Posts filed under ‘Stephen Mitchell’
Shouldn’t my cheeks
be hollow, shouldn’t my face be ravaged,
frost-chilled, and burnt by the desert sun?
Shouldn’t my heart be filled with grief?
Shouldn’t I be worn out and ready to collapse?
My friend, my brother, whom I loved so dearly,
who accompanied me through every danger –
Enkidu, my brother, whom I loved so dearly,
who accompanied me through every danger –
the fate of mankind has overwhelmed him.
For six days I would not let him be buried,
thinking, “If my grief is violent enough,
perhaps he will come back to life again.”
For six days and seven nights I mourned him,
until a maggot fell out of his nose.
Then I was frightened, I was terrified by death,
and I set out to roam the wilderness.
I cannot bear what happened to my friend –
I cannot bear what happened to Enkidu –
so I roam the wilderness in my grief.
How can my mind have any rest?
My beloved friend has turned into clay –
my beloved Enkidu has turned into clay.
And won’t I too lie down in the dirt
like him, and never arise again?
That is why I must find Utnapishtim,
whom men call ‘The Distant One’. I must ask him
how he managed to overcome death.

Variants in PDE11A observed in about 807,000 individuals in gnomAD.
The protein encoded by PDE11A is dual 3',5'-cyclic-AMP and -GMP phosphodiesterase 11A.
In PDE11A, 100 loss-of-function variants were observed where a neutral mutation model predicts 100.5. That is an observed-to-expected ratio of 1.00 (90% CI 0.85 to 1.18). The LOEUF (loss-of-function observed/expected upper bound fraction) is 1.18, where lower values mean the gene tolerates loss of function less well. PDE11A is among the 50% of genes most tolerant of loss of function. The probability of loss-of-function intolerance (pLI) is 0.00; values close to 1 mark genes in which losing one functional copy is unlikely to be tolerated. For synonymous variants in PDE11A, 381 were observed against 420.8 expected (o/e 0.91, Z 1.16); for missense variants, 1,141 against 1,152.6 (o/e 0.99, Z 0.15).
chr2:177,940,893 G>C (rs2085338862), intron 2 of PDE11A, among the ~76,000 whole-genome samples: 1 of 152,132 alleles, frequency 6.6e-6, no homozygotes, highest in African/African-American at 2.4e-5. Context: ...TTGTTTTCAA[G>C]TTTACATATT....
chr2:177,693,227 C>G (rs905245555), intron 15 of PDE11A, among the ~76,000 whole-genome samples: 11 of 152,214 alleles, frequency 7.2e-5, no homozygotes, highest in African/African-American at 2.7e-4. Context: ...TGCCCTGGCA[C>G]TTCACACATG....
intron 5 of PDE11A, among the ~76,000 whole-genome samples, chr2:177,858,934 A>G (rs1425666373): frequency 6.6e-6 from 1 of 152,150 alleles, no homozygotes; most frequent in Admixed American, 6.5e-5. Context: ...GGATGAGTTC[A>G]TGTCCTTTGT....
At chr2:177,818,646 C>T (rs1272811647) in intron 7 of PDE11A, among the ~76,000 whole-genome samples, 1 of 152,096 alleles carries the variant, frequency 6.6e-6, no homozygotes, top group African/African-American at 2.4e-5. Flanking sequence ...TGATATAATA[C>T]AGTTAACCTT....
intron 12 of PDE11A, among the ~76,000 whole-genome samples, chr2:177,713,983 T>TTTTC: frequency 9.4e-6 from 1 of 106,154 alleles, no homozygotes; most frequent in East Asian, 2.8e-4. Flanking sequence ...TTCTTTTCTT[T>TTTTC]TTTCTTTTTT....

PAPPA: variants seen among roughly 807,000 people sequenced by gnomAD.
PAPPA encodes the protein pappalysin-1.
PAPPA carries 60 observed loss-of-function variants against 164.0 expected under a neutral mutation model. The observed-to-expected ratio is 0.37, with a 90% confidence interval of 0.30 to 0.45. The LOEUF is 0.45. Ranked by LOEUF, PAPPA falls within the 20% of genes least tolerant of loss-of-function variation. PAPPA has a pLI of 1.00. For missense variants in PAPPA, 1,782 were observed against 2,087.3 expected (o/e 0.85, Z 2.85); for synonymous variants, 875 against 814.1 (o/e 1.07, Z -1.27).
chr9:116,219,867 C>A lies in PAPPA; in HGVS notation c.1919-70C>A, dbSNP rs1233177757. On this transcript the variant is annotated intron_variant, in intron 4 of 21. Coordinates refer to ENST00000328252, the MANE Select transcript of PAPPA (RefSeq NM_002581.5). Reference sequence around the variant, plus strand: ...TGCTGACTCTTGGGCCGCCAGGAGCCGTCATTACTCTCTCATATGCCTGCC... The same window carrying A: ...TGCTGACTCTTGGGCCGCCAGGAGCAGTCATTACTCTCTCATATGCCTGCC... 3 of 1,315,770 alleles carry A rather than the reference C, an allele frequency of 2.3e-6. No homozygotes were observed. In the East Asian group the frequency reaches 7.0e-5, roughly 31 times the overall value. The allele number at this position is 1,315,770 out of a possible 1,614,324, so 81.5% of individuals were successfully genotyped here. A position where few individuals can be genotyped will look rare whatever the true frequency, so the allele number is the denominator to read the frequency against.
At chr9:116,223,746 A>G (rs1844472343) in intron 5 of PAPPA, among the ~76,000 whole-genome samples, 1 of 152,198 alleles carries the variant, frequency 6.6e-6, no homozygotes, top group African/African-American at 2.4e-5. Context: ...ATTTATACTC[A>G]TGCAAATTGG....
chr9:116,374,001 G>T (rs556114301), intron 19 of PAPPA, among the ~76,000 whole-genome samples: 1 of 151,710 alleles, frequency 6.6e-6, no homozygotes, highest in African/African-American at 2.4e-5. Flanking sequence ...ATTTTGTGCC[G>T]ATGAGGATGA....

I have wandered the world, climbed the most treacherous
mountains, crossed deserts, sailed the vast ocean,
and sweet sleep has rarely softened my face.
I have worn myself out through ceaseless striving,
I have filled my muscles with pain and anguish.
I have killed bear, lion, hyena, leopard,
tiger, deer, antelope, ibex, I have eaten
their meat and have wrapped their rough skins around me.
And what in the end have I achieved?
When I reached Shiduri the tavern keeper,
I was filthy, exhausted, heartsick. Now let
the gate of sorrow be closed behind me,
and let it be sealed with tar and pitch.
(translation by Stephen Mitchell)
It doesn’t get older than this. The Epic of Gilgamesh is one of the oldest works of literature – a set of legends dating back as far as 2000 BC, eventually formalized in an Akkadian version, believed to be the work of Sin-liqe-unninni sometime around 1000 BC. (for more on the Epic see Wikipedia)
This extract is the longest monologue in the epic – a grand lament by Gilgamesh for the death of his friend and comrade Enkidu. It’s a marvellous study of the pathology of mourning as well as its eventual futility. Gilgamesh is a man torn between grief and horror, and his words betray a strangely authentic mish-mash of conflicting emotion. There is a great deal of tenderness for the dead Enkidu here, but there is also Gilgamesh’s concern with his own mortality, the fact of which his companion’s death has so forcefully brought home to him.